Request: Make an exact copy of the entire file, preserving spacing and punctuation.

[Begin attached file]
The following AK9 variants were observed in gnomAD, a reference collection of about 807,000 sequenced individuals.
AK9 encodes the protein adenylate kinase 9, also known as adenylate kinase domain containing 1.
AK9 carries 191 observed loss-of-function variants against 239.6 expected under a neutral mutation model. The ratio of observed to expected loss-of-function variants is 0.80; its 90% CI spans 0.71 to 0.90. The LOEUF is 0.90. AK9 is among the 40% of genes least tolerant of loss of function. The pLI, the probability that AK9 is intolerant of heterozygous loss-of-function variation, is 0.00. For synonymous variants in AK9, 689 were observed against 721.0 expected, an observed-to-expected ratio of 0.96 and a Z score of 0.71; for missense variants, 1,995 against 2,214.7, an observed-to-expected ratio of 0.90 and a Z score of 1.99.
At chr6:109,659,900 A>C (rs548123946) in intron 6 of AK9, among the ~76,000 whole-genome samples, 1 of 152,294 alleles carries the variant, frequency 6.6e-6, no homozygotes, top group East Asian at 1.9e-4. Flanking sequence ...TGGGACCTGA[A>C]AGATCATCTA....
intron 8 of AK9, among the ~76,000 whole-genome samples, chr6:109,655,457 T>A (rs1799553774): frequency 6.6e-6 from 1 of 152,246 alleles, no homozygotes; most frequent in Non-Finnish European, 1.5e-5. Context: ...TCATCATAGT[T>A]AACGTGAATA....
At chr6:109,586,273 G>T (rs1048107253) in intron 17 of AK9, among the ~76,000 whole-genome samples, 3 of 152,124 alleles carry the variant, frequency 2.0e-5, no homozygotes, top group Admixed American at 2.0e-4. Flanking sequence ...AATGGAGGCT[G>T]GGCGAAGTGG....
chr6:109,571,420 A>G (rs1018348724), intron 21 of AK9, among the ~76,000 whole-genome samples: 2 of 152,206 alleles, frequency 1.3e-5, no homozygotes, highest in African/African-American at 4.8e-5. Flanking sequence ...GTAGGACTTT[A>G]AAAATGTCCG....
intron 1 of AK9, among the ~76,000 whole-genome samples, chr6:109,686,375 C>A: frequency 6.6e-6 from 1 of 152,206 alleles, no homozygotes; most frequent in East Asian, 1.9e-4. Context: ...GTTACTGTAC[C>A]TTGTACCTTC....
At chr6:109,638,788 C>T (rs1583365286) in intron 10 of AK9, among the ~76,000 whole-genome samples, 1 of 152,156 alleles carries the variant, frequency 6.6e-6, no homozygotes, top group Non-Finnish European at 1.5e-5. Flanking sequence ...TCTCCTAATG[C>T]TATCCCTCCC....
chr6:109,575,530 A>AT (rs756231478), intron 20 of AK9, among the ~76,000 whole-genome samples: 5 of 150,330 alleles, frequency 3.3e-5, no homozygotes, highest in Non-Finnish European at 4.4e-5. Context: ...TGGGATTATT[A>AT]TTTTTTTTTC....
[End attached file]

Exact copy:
The following AK9 variants were observed in gnomAD, a reference collection of about 807,000 sequenced individuals.
AK9 encodes the protein adenylate kinase 9, also known as adenylate kinase domain containing 1.
AK9 carries 191 observed loss-of-function variants against 239.6 expected under a neutral mutation model. The ratio of observed to expected loss-of-function variants is 0.80; its 90% CI spans 0.71 to 0.90. The LOEUF is 0.90. AK9 is among the 40% of genes least tolerant of loss of function. The pLI, the probability that AK9 is intolerant of heterozygous loss-of-function variation, is 0.00. For synonymous variants in AK9, 689 were observed against 721.0 expected, an observed-to-expected ratio of 0.96 and a Z score of 0.71; for missense variants, 1,995 against 2,214.7, an observed-to-expected ratio of 0.90 and a Z score of 1.99.
At chr6:109,659,900 A>C (rs548123946) in intron 6 of AK9, among the ~76,000 whole-genome samples, 1 of 152,294 alleles carries the variant, frequency 6.6e-6, no homozygotes, top group East Asian at 1.9e-4. Flanking sequence ...TGGGACCTGA[A>C]AGATCATCTA....
intron 8 of AK9, among the ~76,000 whole-genome samples, chr6:109,655,457 T>A (rs1799553774): frequency 6.6e-6 from 1 of 152,246 alleles, no homozygotes; most frequent in Non-Finnish European, 1.5e-5. Context: ...TCATCATAGT[T>A]AACGTGAATA....
At chr6:109,586,273 G>T (rs1048107253) in intron 17 of AK9, among the ~76,000 whole-genome samples, 3 of 152,124 alleles carry the variant, frequency 2.0e-5, no homozygotes, top group Admixed American at 2.0e-4. Flanking sequence ...AATGGAGGCT[G>T]GGCGAAGTGG....
chr6:109,571,420 A>G (rs1018348724), intron 21 of AK9, among the ~76,000 whole-genome samples: 2 of 152,206 alleles, frequency 1.3e-5, no homozygotes, highest in African/African-American at 4.8e-5. Flanking sequence ...GTAGGACTTT[A>G]AAAATGTCCG....
intron 1 of AK9, among the ~76,000 whole-genome samples, chr6:109,686,375 C>A: frequency 6.6e-6 from 1 of 152,206 alleles, no homozygotes; most frequent in East Asian, 1.9e-4. Context: ...GTTACTGTAC[C>A]TTGTACCTTC....
At chr6:109,638,788 C>T (rs1583365286) in intron 10 of AK9, among the ~76,000 whole-genome samples, 1 of 152,156 alleles carries the variant, frequency 6.6e-6, no homozygotes, top group Non-Finnish European at 1.5e-5. Flanking sequence ...TCTCCTAATG[C>T]TATCCCTCCC....
chr6:109,575,530 A>AT (rs756231478), intron 20 of AK9, among the ~76,000 whole-genome samples: 5 of 150,330 alleles, frequency 3.3e-5, no homozygotes, highest in Non-Finnish European at 4.4e-5. Context: ...TGGGATTATT[A>AT]TTTTTTTTTC....